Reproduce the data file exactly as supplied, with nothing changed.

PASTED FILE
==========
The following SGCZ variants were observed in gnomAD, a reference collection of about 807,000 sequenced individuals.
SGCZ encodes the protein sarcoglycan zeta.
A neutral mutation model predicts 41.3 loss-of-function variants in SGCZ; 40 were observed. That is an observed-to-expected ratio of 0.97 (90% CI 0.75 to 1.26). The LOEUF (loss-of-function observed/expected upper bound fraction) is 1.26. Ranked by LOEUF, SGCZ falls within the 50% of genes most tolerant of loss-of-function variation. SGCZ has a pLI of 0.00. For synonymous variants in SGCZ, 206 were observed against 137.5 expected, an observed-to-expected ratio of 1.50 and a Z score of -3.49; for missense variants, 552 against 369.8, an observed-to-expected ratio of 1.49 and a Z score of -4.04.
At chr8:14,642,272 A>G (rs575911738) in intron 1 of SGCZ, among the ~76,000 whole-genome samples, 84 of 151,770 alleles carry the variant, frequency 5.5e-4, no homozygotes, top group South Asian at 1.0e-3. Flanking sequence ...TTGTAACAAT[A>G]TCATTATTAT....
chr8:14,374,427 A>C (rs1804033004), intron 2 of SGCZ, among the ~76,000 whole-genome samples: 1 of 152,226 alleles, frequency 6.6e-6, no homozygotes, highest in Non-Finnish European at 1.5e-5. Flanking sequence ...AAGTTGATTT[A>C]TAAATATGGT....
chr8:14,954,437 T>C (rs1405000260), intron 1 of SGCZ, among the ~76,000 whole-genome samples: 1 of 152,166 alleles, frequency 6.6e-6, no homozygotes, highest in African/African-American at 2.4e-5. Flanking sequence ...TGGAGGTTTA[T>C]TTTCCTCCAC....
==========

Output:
The following SGCZ variants were observed in gnomAD, a reference collection of about 807,000 sequenced individuals.
SGCZ encodes the protein sarcoglycan zeta.
A neutral mutation model predicts 41.3 loss-of-function variants in SGCZ; 40 were observed. That is an observed-to-expected ratio of 0.97 (90% CI 0.75 to 1.26). The LOEUF (loss-of-function observed/expected upper bound fraction) is 1.26. Ranked by LOEUF, SGCZ falls within the 50% of genes most tolerant of loss-of-function variation. SGCZ has a pLI of 0.00. For synonymous variants in SGCZ, 206 were observed against 137.5 expected, an observed-to-expected ratio of 1.50 and a Z score of -3.49; for missense variants, 552 against 369.8, an observed-to-expected ratio of 1.49 and a Z score of -4.04.
At chr8:14,642,272 A>G (rs575911738) in intron 1 of SGCZ, among the ~76,000 whole-genome samples, 84 of 151,770 alleles carry the variant, frequency 5.5e-4, no homozygotes, top group South Asian at 1.0e-3. Flanking sequence ...TTGTAACAAT[A>G]TCATTATTAT....
chr8:14,374,427 A>C (rs1804033004), intron 2 of SGCZ, among the ~76,000 whole-genome samples: 1 of 152,226 alleles, frequency 6.6e-6, no homozygotes, highest in Non-Finnish European at 1.5e-5. Flanking sequence ...AAGTTGATTT[A>C]TAAATATGGT....
chr8:14,954,437 T>C (rs1405000260), intron 1 of SGCZ, among the ~76,000 whole-genome samples: 1 of 152,166 alleles, frequency 6.6e-6, no homozygotes, highest in African/African-American at 2.4e-5. Flanking sequence ...TGGAGGTTTA[T>C]TTTCCTCCAC....